Will we soon be watching a master class in disrupting higher education?
A new online-only associate degree program was announced Wednesday by Outlier.org, an education startup headed by Aaron Rasmussen, co-founder of celebrity-focused e-learning site MasterClass.
It promises a touch of Ivy League sheen without the Gothic Revival architecture.
Schooled by Steph
With Masterclass you can learn jump shots from Steph Curry, singing from Christina Aguilera, business strategy from Bob Iger, and countless other skills with varying degrees of usefulness through prerecorded video instructionals featuring celebrity talents. What you can’t do is earn a formal accreditation.
Rasmussen’s startup is putting a spin on the formula with credentials in mind. The pre-recorded lectures on Outlier will come from instructors who have taught at elite schools like Yale and Columbia. In two years, students enrolled in one of the site’s programs can earn an associate’s degree in applied computing, liberal studies, or business administration. The hope is to lure some of the millions who enroll in two-year community college programs — 7.7 million in 2019-20, or 35% of all US undergraduates, according to federal data — with access to those elite teachers. Just not total access:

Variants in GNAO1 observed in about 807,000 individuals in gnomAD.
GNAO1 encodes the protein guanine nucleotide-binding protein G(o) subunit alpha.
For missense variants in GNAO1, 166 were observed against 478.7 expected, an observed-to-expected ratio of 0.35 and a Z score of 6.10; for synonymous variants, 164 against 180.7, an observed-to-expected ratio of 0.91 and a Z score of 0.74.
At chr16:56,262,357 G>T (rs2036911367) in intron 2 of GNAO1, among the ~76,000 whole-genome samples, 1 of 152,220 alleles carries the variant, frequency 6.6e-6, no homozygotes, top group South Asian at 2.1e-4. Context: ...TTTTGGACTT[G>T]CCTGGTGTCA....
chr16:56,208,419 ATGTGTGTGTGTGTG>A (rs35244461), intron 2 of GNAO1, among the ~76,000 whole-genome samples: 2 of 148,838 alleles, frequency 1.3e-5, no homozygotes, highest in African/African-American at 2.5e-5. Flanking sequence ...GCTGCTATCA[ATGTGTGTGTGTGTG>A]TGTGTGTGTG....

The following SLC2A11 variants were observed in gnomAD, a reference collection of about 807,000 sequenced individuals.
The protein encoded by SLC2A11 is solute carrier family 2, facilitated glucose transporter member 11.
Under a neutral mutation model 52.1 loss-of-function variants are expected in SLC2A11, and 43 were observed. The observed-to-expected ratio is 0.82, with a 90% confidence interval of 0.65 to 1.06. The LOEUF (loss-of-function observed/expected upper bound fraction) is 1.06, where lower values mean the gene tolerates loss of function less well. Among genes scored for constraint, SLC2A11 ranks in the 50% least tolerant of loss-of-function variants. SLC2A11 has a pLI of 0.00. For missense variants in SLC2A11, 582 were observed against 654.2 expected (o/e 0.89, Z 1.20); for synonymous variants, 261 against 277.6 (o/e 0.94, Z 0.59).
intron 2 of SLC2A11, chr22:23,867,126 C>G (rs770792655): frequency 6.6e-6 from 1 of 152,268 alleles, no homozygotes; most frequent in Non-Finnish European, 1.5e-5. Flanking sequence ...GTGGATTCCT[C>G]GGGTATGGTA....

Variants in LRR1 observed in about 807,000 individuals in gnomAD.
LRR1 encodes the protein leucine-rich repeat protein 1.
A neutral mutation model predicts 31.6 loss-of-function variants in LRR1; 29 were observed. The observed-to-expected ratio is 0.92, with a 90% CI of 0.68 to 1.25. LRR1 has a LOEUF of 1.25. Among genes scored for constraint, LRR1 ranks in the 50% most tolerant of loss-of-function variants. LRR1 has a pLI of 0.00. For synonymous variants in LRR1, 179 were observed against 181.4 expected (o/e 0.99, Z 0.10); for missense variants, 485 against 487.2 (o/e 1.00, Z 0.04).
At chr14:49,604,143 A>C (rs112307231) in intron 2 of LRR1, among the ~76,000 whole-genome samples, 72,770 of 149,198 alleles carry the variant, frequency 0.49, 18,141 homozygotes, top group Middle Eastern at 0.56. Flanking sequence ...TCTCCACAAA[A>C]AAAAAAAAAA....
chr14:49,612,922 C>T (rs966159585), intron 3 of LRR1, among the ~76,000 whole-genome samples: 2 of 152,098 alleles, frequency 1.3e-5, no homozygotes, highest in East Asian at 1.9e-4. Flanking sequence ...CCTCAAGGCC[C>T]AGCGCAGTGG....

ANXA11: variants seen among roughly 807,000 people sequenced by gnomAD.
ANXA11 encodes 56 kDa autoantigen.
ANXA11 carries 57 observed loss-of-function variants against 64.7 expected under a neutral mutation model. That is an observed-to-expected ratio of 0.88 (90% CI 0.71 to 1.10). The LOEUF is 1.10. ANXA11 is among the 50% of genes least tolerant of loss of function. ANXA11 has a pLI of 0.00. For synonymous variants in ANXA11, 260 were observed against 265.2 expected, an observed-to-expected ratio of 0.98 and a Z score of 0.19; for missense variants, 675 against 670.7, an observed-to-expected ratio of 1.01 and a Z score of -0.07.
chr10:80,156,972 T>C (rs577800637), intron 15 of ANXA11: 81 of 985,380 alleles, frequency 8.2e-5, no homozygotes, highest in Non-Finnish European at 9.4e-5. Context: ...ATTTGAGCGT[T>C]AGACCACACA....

- The degrees will be issued by the private Golden Gate University in San Francisco, whose staff are the ones who will hold office hours, lead virtual discussions, and grade assignments. “I’m wondering if the students are going to realize that these professors are not involved,” Adela Soliz, a Vanderbilt University professor who studies postsecondary education, told The Wall Street Journal.
- Outlier’s degree program will cost $4,470, more than the $3,800 average at in-district public community colleges last year, according to the College Board. The company also enters a growing and competitive space that has hit a snarl as markets tumble — shares in online course providers Coursera and Udemy have slipped 54% and 13% this year, respectively.
Just Google It: The role of degrees themselves in the labor market has rapidly shifted, with in-demand jobs requiring tech or IT skills that four years of reading New England transcendentalists in a dorm room doesn’t quite amount to. In the fourth quarter of last year, over 41,000 construction and oil rig workers switched to professional work, a 65% increase from Q4 2019, according to the labor market think tank W.E. Upjohn Institute. It doesn’t take a master class in rocket science to see where we are going here.